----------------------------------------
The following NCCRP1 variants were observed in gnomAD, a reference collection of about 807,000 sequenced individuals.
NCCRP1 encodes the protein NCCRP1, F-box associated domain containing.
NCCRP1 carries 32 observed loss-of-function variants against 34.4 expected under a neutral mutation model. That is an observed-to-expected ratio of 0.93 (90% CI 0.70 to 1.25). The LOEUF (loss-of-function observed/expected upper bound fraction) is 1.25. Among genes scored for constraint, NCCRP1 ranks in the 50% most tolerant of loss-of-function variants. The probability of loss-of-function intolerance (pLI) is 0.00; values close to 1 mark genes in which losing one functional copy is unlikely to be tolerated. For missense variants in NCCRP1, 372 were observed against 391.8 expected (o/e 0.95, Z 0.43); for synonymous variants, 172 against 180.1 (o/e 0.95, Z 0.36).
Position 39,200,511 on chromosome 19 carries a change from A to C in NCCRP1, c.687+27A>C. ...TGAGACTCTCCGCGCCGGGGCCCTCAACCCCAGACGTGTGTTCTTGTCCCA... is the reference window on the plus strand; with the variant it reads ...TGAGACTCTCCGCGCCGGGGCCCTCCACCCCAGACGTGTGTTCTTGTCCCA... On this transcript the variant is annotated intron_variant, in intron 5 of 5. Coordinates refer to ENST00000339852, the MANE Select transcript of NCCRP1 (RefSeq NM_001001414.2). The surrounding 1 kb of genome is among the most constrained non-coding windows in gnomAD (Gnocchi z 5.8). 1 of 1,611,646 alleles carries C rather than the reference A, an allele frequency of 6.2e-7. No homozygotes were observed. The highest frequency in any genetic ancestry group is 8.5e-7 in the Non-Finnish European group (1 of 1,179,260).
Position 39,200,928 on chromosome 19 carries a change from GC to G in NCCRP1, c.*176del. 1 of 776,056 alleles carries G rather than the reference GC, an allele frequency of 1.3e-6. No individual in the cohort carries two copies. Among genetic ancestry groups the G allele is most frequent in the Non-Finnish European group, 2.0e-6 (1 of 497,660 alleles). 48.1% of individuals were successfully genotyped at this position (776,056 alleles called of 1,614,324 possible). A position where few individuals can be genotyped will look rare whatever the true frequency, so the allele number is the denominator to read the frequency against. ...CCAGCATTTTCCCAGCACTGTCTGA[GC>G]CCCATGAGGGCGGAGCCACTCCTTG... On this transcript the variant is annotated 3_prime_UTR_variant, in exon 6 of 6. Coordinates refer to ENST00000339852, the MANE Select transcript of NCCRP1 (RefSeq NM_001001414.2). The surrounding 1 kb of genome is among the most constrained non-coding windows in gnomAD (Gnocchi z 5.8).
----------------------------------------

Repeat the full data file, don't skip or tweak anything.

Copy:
The following NCCRP1 variants were observed in gnomAD, a reference collection of about 807,000 sequenced individuals.
NCCRP1 encodes the protein NCCRP1, F-box associated domain containing.
NCCRP1 carries 32 observed loss-of-function variants against 34.4 expected under a neutral mutation model. That is an observed-to-expected ratio of 0.93 (90% CI 0.70 to 1.25). The LOEUF (loss-of-function observed/expected upper bound fraction) is 1.25. Among genes scored for constraint, NCCRP1 ranks in the 50% most tolerant of loss-of-function variants. The probability of loss-of-function intolerance (pLI) is 0.00; values close to 1 mark genes in which losing one functional copy is unlikely to be tolerated. For missense variants in NCCRP1, 372 were observed against 391.8 expected (o/e 0.95, Z 0.43); for synonymous variants, 172 against 180.1 (o/e 0.95, Z 0.36).
Position 39,200,511 on chromosome 19 carries a change from A to C in NCCRP1, c.687+27A>C. ...TGAGACTCTCCGCGCCGGGGCCCTCAACCCCAGACGTGTGTTCTTGTCCCA... is the reference window on the plus strand; with the variant it reads ...TGAGACTCTCCGCGCCGGGGCCCTCCACCCCAGACGTGTGTTCTTGTCCCA... On this transcript the variant is annotated intron_variant, in intron 5 of 5. Coordinates refer to ENST00000339852, the MANE Select transcript of NCCRP1 (RefSeq NM_001001414.2). The surrounding 1 kb of genome is among the most constrained non-coding windows in gnomAD (Gnocchi z 5.8). 1 of 1,611,646 alleles carries C rather than the reference A, an allele frequency of 6.2e-7. No homozygotes were observed. The highest frequency in any genetic ancestry group is 8.5e-7 in the Non-Finnish European group (1 of 1,179,260).
Position 39,200,928 on chromosome 19 carries a change from GC to G in NCCRP1, c.*176del. 1 of 776,056 alleles carries G rather than the reference GC, an allele frequency of 1.3e-6. No individual in the cohort carries two copies. Among genetic ancestry groups the G allele is most frequent in the Non-Finnish European group, 2.0e-6 (1 of 497,660 alleles). 48.1% of individuals were successfully genotyped at this position (776,056 alleles called of 1,614,324 possible). A position where few individuals can be genotyped will look rare whatever the true frequency, so the allele number is the denominator to read the frequency against. ...CCAGCATTTTCCCAGCACTGTCTGA[GC>G]CCCATGAGGGCGGAGCCACTCCTTG... On this transcript the variant is annotated 3_prime_UTR_variant, in exon 6 of 6. Coordinates refer to ENST00000339852, the MANE Select transcript of NCCRP1 (RefSeq NM_001001414.2). The surrounding 1 kb of genome is among the most constrained non-coding windows in gnomAD (Gnocchi z 5.8).